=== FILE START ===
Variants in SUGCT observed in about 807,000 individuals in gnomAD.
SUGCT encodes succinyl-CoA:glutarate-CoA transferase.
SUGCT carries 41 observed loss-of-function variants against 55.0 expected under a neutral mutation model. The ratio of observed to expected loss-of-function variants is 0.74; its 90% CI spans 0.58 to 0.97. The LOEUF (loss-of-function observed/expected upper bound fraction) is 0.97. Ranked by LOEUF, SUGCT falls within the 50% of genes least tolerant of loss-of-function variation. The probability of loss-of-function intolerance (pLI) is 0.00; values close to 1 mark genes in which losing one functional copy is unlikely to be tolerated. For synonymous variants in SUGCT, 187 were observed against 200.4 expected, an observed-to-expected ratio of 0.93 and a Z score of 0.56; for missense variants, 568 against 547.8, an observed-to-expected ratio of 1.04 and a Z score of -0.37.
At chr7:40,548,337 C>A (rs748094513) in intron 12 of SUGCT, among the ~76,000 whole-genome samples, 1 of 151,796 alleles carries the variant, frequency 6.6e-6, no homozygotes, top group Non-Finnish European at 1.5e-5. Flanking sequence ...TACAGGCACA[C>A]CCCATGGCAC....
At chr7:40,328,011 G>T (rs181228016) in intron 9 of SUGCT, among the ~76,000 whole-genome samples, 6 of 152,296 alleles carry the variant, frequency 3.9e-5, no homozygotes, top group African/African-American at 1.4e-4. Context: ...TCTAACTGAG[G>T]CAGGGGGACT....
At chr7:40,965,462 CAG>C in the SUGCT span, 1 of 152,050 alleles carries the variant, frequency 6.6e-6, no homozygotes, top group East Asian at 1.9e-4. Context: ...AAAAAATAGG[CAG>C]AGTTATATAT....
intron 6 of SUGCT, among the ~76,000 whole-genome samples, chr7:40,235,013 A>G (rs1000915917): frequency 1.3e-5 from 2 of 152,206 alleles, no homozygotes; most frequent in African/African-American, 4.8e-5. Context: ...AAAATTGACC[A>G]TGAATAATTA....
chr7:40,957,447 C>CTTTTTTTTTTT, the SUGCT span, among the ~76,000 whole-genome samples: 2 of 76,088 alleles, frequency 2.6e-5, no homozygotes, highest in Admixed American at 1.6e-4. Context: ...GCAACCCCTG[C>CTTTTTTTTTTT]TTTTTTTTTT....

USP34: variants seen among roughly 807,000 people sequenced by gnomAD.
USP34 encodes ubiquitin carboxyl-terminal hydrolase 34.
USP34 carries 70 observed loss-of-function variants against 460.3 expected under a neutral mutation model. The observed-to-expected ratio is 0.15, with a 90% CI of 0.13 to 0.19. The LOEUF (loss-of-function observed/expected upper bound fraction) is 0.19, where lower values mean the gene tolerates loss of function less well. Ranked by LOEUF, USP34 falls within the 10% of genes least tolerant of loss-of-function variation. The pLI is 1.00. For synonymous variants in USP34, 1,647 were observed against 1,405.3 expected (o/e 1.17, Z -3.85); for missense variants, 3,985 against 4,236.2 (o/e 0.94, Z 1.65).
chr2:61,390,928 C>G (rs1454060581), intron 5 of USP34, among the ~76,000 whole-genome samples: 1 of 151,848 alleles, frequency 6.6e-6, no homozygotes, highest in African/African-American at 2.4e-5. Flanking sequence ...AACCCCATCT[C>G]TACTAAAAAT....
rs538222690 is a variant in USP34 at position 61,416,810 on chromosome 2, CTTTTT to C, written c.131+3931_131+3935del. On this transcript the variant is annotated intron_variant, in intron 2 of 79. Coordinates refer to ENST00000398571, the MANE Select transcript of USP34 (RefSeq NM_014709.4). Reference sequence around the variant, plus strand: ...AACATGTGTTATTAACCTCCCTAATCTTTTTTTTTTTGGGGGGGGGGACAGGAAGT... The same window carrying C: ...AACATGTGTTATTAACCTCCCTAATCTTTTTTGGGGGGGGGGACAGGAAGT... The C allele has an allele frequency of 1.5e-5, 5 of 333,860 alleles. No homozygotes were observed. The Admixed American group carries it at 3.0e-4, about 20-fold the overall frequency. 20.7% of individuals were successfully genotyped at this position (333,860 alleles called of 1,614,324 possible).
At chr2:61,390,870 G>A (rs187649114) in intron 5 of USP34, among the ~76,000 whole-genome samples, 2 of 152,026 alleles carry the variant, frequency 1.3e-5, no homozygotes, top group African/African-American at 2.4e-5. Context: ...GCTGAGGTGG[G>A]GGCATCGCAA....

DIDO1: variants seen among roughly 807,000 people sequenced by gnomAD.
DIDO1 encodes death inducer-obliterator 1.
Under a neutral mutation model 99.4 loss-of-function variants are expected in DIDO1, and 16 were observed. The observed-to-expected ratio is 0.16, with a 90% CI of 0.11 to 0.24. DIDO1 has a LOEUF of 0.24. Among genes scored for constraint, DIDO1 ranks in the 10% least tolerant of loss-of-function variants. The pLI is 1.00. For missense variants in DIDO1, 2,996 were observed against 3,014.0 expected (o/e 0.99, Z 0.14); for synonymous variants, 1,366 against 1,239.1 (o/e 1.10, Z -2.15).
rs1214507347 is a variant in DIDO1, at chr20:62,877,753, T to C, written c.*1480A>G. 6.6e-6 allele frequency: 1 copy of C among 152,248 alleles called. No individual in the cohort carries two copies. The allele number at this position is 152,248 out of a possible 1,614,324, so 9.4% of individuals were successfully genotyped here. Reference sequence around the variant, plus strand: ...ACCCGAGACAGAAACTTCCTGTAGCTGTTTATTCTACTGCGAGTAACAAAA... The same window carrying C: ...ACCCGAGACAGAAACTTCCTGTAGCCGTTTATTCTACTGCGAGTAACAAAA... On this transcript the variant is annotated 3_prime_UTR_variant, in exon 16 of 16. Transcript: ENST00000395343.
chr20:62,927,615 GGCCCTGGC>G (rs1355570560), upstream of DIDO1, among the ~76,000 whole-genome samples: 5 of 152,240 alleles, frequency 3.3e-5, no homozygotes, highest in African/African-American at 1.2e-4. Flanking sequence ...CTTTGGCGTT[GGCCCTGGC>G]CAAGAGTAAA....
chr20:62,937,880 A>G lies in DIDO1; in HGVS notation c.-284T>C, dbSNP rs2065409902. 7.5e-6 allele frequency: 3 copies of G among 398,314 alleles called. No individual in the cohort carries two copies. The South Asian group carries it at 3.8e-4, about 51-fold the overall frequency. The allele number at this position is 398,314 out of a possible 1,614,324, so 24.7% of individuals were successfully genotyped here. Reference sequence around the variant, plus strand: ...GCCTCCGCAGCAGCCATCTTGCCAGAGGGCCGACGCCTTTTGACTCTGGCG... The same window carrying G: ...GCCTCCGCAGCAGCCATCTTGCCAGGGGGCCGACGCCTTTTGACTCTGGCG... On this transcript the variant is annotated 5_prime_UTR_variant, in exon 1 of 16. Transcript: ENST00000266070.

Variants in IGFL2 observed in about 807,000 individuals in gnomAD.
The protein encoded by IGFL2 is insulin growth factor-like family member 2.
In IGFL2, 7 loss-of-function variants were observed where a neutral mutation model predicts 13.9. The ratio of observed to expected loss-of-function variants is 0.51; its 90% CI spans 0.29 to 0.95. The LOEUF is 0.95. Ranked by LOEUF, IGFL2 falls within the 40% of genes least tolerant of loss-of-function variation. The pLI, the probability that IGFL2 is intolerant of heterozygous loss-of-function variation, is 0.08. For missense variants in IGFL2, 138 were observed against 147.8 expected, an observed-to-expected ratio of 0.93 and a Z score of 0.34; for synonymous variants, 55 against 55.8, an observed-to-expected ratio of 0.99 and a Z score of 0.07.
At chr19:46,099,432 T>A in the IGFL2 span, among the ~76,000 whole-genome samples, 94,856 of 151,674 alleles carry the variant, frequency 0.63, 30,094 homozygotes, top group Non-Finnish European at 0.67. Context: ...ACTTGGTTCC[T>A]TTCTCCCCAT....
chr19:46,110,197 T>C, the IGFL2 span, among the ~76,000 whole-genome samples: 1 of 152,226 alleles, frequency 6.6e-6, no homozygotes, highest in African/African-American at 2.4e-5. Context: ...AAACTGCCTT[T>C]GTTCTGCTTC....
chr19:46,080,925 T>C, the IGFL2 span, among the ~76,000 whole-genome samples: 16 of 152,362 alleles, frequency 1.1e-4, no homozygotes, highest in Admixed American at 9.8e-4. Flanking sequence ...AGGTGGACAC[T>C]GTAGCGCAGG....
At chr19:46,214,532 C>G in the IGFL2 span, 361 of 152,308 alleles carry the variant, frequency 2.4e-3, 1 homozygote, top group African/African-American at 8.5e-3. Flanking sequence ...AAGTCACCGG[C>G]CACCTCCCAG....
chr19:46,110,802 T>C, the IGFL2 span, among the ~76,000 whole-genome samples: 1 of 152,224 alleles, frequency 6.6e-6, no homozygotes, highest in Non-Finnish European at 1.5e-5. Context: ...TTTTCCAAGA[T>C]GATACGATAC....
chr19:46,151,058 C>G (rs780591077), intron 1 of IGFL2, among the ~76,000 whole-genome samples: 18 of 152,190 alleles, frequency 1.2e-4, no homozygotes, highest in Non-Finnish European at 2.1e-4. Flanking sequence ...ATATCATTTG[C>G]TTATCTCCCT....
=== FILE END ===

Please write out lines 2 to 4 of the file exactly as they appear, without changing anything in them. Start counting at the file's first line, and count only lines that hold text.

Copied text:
SUGCT encodes succinyl-CoA:glutarate-CoA transferase.
SUGCT carries 41 observed loss-of-function variants against 55.0 expected under a neutral mutation model. The ratio of observed to expected loss-of-function variants is 0.74; its 90% CI spans 0.58 to 0.97. The LOEUF (loss-of-function observed/expected upper bound fraction) is 0.97. Ranked by LOEUF, SUGCT falls within the 50% of genes least tolerant of loss-of-function variation. The probability of loss-of-function intolerance (pLI) is 0.00; values close to 1 mark genes in which losing one functional copy is unlikely to be tolerated. For synonymous variants in SUGCT, 187 were observed against 200.4 expected, an observed-to-expected ratio of 0.93 and a Z score of 0.56; for missense variants, 568 against 547.8, an observed-to-expected ratio of 1.04 and a Z score of -0.37.
At chr7:40,548,337 C>A (rs748094513) in intron 12 of SUGCT, among the ~76,000 whole-genome samples, 1 of 151,796 alleles carries the variant, frequency 6.6e-6, no homozygotes, top group Non-Finnish European at 1.5e-5. Flanking sequence ...TACAGGCACA[C>A]CCCATGGCAC....